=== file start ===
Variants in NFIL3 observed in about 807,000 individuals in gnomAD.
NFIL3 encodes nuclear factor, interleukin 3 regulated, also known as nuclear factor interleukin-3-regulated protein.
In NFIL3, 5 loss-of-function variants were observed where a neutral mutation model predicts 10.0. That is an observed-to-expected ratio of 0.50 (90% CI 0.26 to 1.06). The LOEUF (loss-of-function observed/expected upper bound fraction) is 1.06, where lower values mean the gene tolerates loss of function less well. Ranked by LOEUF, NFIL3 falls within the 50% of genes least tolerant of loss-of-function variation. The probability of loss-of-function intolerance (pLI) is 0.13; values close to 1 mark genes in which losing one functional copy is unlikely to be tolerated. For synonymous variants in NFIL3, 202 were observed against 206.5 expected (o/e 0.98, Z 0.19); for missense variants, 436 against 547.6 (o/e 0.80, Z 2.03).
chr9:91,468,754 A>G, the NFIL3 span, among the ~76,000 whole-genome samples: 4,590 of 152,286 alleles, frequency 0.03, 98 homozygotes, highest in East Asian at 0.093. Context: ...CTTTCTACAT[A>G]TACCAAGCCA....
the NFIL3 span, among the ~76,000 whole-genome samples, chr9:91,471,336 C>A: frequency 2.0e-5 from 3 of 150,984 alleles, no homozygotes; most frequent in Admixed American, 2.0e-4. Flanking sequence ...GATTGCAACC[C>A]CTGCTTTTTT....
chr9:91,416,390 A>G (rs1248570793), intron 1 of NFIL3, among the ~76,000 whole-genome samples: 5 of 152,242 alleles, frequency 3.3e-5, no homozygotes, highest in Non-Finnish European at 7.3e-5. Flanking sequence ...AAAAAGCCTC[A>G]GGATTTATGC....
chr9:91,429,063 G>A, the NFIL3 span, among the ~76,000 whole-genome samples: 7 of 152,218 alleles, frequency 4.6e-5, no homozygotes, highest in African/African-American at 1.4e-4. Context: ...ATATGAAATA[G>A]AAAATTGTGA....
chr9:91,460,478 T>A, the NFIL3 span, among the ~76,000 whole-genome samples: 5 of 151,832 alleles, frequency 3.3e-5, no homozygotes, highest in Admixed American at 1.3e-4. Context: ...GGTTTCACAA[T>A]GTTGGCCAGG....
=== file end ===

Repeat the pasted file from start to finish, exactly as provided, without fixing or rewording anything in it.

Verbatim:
Variants in NFIL3 observed in about 807,000 individuals in gnomAD.
NFIL3 encodes nuclear factor, interleukin 3 regulated, also known as nuclear factor interleukin-3-regulated protein.
In NFIL3, 5 loss-of-function variants were observed where a neutral mutation model predicts 10.0. That is an observed-to-expected ratio of 0.50 (90% CI 0.26 to 1.06). The LOEUF (loss-of-function observed/expected upper bound fraction) is 1.06, where lower values mean the gene tolerates loss of function less well. Ranked by LOEUF, NFIL3 falls within the 50% of genes least tolerant of loss-of-function variation. The probability of loss-of-function intolerance (pLI) is 0.13; values close to 1 mark genes in which losing one functional copy is unlikely to be tolerated. For synonymous variants in NFIL3, 202 were observed against 206.5 expected (o/e 0.98, Z 0.19); for missense variants, 436 against 547.6 (o/e 0.80, Z 2.03).
chr9:91,468,754 A>G, the NFIL3 span, among the ~76,000 whole-genome samples: 4,590 of 152,286 alleles, frequency 0.03, 98 homozygotes, highest in East Asian at 0.093. Context: ...CTTTCTACAT[A>G]TACCAAGCCA....
the NFIL3 span, among the ~76,000 whole-genome samples, chr9:91,471,336 C>A: frequency 2.0e-5 from 3 of 150,984 alleles, no homozygotes; most frequent in Admixed American, 2.0e-4. Flanking sequence ...GATTGCAACC[C>A]CTGCTTTTTT....
chr9:91,416,390 A>G (rs1248570793), intron 1 of NFIL3, among the ~76,000 whole-genome samples: 5 of 152,242 alleles, frequency 3.3e-5, no homozygotes, highest in Non-Finnish European at 7.3e-5. Flanking sequence ...AAAAAGCCTC[A>G]GGATTTATGC....
chr9:91,429,063 G>A, the NFIL3 span, among the ~76,000 whole-genome samples: 7 of 152,218 alleles, frequency 4.6e-5, no homozygotes, highest in African/African-American at 1.4e-4. Context: ...ATATGAAATA[G>A]AAAATTGTGA....
chr9:91,460,478 T>A, the NFIL3 span, among the ~76,000 whole-genome samples: 5 of 151,832 alleles, frequency 3.3e-5, no homozygotes, highest in Admixed American at 1.3e-4. Context: ...GGTTTCACAA[T>A]GTTGGCCAGG....